I know, I know, it will look super cool to have copies of my babies all lined up on a shelf, nice and neat and shiny.
BUT THE AMAZON IS ON FIRE.
- That Smell
Librochor, the faintly vanilla scent of the volatile organic compounds produced by the slow decay of wood pulp. It’s lovely, I agree, but sniff books that already exist, mmkay?
THE AMAZON IS ON FRIGGIN FIRE.
- Low tech/offline
So, some people like to go offline for short periods and unplug. I get that. But a, if you download books to the e-reader, you don’t need the internet. B, most e-readers have a function where you can adjust the backlight, paper colour, and font style and colour to reduce eye strain.
- Can be gifted
So can e-readers, and they’re getting cheaper.
- Often cheaper, though sometimes not
They can be sold at a discount for being previously owned. That said, the cost to produce and ship them often makes them more expensive up front, especially if you buy them from brick-and-mortar bookstores.
- More difficult to format
God, they’re a pain, lol. But again, that’s my problem, not yours.
So, in conclusion, it’s nice to hold that fragrant, hefty tome with the pretty binding and the text that sits up juuuuust a little off the page, but is it really worth it at the expense of the environment, so it can sit around, collecting dust, or else be gifted to someone and take up space in their house?
That being said, despite my vehement protestations, the people want paperbacks and I live to serve, so on September 21, I’m yielding to pressure and rereleasing my books for paper publication.
HOWEVER, they will be a little more expensive. Here’s a breakdown of why (it’s not just spite, I promise):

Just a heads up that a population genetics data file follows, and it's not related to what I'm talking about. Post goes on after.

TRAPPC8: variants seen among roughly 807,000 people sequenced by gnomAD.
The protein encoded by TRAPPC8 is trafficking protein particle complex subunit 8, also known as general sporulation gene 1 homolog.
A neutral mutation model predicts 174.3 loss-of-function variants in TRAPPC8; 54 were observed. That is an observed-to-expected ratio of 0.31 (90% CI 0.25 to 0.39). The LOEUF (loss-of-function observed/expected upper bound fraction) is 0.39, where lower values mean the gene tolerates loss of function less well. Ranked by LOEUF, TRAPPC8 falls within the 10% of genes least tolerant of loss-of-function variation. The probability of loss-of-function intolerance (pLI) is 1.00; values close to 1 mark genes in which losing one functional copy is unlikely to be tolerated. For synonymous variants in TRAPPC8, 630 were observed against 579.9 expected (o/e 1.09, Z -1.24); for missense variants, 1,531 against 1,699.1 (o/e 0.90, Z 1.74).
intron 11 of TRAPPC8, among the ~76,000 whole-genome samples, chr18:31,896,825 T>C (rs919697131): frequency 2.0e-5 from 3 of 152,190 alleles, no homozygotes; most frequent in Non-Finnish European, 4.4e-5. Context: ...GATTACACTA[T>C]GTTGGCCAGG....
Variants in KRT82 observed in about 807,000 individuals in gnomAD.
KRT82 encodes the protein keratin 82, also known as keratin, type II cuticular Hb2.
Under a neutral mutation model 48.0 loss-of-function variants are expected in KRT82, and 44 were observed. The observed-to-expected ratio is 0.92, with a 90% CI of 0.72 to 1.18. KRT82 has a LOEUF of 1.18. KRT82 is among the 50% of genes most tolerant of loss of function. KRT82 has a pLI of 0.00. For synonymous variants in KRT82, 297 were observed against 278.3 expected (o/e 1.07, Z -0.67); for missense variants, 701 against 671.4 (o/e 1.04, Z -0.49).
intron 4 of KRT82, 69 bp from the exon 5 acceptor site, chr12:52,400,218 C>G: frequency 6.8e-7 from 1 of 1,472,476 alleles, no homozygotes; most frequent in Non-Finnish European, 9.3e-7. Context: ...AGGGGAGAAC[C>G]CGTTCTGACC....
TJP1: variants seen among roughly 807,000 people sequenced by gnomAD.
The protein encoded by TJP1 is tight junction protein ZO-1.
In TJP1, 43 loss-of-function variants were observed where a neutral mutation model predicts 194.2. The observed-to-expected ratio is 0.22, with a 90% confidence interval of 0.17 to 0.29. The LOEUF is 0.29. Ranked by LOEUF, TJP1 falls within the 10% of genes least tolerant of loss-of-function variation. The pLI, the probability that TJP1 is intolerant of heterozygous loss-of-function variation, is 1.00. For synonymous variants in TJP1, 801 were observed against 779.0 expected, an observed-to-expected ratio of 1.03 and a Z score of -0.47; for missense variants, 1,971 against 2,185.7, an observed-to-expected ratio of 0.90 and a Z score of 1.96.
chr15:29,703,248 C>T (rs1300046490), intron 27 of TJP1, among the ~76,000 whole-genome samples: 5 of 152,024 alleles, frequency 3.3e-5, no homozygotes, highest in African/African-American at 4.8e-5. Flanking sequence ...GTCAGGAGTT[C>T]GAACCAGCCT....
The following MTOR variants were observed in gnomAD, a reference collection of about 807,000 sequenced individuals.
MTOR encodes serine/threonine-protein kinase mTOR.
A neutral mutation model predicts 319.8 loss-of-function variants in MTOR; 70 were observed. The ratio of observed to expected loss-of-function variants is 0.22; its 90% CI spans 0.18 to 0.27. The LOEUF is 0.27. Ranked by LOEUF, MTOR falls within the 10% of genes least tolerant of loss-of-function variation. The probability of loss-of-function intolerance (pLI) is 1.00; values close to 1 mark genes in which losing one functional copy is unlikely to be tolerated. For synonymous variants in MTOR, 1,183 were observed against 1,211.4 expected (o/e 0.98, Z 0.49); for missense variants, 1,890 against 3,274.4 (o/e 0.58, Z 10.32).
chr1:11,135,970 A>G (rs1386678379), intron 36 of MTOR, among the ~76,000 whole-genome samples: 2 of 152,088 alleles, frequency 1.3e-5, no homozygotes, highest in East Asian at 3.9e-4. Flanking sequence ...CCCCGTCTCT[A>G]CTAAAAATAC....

- Even on a per-order basis, Amazon charges $4.45 to print paper books, which is still the cheapest I’ve found anywhere. (Yes, I know bulk printers cost less, per book, overall, but the bulk price is still an upfront cost I flat out can’t afford, and I don’t have anywhere to put that many books that, as an unknown indie author, won’t sell quickly. Trust me, I’ve agonised over the math since before I published, last year)
- Therefore, a paperback roughly the size of mine has a mandatory minimum list price of $7.42 (otherwise, they can’t give my me 60% royalties)
- In order to turn any kind of profit, I have to list them at at least $8 (which is the original list price of the eBooks, anyway)
- Plus, since I’ll be donating to the One Tree Planted charity, I’ve chosen to round up to $10, so that I can donate at least 1 tree per book sold
One Tree Planted is a USA-based charity which plants a tree for every single dollar planted, and since 2014, have planted 25 million trees in North America, Asia, Africa, and Latin America.
So, maybe you’re not used to paying $10 for a self-published paperback fantasy, but hey, it’s a good story (if I do say so myself), you’re supporting me in doing what I love, you get to have that nice shiny good-smelling book on your shelf, and rather than casting your money at some vaguely-worded Amazon relief charity that despite their good intentions can’t make Bolsanaro any less of a shitbag, you’re actually making up for that paper book by contributing to reforestation in a tangible way.
You know, BECAUSE THE AMAZON IS ON FIRE.